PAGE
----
The Oilers have generally received average or better than average even-strength goaltending, with the only less-than average performances being Dubnyk's 2013-14 season (very partially played with Nashville) and Khabibulin's 2011-12 season. I would argue that given the Oilers' atrocious Corsi-for percentage, that the goaltenders have been excellent: there are few performances in the bottom left-hand quadrant.
Ben Scrivens' 2013-14 performance is the closest to elite-level the Oilers have had in the past three years. He may be the best goaltender to dawn the orange and blue in some time. Second to Scrivens in this analysis is Dubnyk. During his time with Edmonton Dubnyk was mostly above-average. Do you scrap an above-average player for a terrible start to a season? I don't think so, unless there are irreconcilable differences between the coaching staff and the player.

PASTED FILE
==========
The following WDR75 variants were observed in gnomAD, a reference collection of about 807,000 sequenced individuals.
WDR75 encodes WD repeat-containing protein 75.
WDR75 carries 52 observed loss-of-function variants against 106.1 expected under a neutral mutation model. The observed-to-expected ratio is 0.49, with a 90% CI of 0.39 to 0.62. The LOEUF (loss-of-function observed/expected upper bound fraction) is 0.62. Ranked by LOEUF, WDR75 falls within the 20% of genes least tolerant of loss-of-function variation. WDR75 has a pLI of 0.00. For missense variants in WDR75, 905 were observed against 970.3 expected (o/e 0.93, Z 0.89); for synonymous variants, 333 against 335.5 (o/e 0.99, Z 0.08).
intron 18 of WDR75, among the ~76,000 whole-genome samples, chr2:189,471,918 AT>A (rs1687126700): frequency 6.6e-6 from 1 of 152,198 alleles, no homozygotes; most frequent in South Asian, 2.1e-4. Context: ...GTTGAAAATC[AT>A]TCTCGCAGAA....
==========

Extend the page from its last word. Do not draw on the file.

There have only been two above-average short-handed performances from Oilers' goalies in the past three seasons (Dubnyk 2012-13, Scrivens 2013-14). During this time Edmonton has been in the middle of the pack with regards to PK% (14th, 9th, and 15th respectively). One way for a young team to rise in the standings is by improving their special teams. In this regard it seem that Scrivens might help Edmonton if he can maintain his above average short handed save percentage.
The Edmonton Oilers' goaltending is not the problem.
Thank you to Derek Zona for inspiring me to create these kinds of charts and for helping me to display them on C&B. Thank you to aluchko for his comments in part one. Thank you also to Bruce McCurdy for the encouragement. Thanks to Extraskater for even-strength and short-handed save percentage data. And most of all thanks to Kurt R. from Broadstreet Hockey for proposing an interesting metric.